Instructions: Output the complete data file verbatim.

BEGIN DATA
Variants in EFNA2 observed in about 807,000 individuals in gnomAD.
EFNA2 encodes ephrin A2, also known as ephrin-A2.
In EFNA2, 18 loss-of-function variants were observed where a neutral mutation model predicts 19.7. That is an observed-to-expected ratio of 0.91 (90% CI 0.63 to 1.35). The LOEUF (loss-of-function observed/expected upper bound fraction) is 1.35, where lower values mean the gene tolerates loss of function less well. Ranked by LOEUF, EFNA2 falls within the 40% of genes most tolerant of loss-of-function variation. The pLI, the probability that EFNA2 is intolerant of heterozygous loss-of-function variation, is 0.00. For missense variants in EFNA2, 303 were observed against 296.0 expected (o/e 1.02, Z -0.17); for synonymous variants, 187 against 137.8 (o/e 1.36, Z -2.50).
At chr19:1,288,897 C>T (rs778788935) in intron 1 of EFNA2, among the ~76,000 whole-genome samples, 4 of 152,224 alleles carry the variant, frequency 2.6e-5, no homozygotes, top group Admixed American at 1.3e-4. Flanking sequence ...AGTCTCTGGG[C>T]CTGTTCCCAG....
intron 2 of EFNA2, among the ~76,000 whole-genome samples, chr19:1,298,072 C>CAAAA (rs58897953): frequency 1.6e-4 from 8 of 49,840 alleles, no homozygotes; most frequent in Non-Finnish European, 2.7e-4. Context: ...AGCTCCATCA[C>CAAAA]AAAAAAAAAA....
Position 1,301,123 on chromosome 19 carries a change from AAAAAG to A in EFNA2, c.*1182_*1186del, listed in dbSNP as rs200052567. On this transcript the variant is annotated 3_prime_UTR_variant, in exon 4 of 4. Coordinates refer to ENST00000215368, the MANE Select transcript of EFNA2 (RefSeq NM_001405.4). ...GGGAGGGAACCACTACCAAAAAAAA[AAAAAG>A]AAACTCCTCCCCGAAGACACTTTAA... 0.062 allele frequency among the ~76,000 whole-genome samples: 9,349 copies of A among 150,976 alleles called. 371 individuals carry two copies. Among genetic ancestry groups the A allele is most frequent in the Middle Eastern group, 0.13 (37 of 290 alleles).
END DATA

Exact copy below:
Variants in EFNA2 observed in about 807,000 individuals in gnomAD.
EFNA2 encodes ephrin A2, also known as ephrin-A2.
In EFNA2, 18 loss-of-function variants were observed where a neutral mutation model predicts 19.7. That is an observed-to-expected ratio of 0.91 (90% CI 0.63 to 1.35). The LOEUF (loss-of-function observed/expected upper bound fraction) is 1.35, where lower values mean the gene tolerates loss of function less well. Ranked by LOEUF, EFNA2 falls within the 40% of genes most tolerant of loss-of-function variation. The pLI, the probability that EFNA2 is intolerant of heterozygous loss-of-function variation, is 0.00. For missense variants in EFNA2, 303 were observed against 296.0 expected (o/e 1.02, Z -0.17); for synonymous variants, 187 against 137.8 (o/e 1.36, Z -2.50).
At chr19:1,288,897 C>T (rs778788935) in intron 1 of EFNA2, among the ~76,000 whole-genome samples, 4 of 152,224 alleles carry the variant, frequency 2.6e-5, no homozygotes, top group Admixed American at 1.3e-4. Flanking sequence ...AGTCTCTGGG[C>T]CTGTTCCCAG....
intron 2 of EFNA2, among the ~76,000 whole-genome samples, chr19:1,298,072 C>CAAAA (rs58897953): frequency 1.6e-4 from 8 of 49,840 alleles, no homozygotes; most frequent in Non-Finnish European, 2.7e-4. Context: ...AGCTCCATCA[C>CAAAA]AAAAAAAAAA....
Position 1,301,123 on chromosome 19 carries a change from AAAAAG to A in EFNA2, c.*1182_*1186del, listed in dbSNP as rs200052567. On this transcript the variant is annotated 3_prime_UTR_variant, in exon 4 of 4. Coordinates refer to ENST00000215368, the MANE Select transcript of EFNA2 (RefSeq NM_001405.4). ...GGGAGGGAACCACTACCAAAAAAAA[AAAAAG>A]AAACTCCTCCCCGAAGACACTTTAA... 0.062 allele frequency among the ~76,000 whole-genome samples: 9,349 copies of A among 150,976 alleles called. 371 individuals carry two copies. Among genetic ancestry groups the A allele is most frequent in the Middle Eastern group, 0.13 (37 of 290 alleles).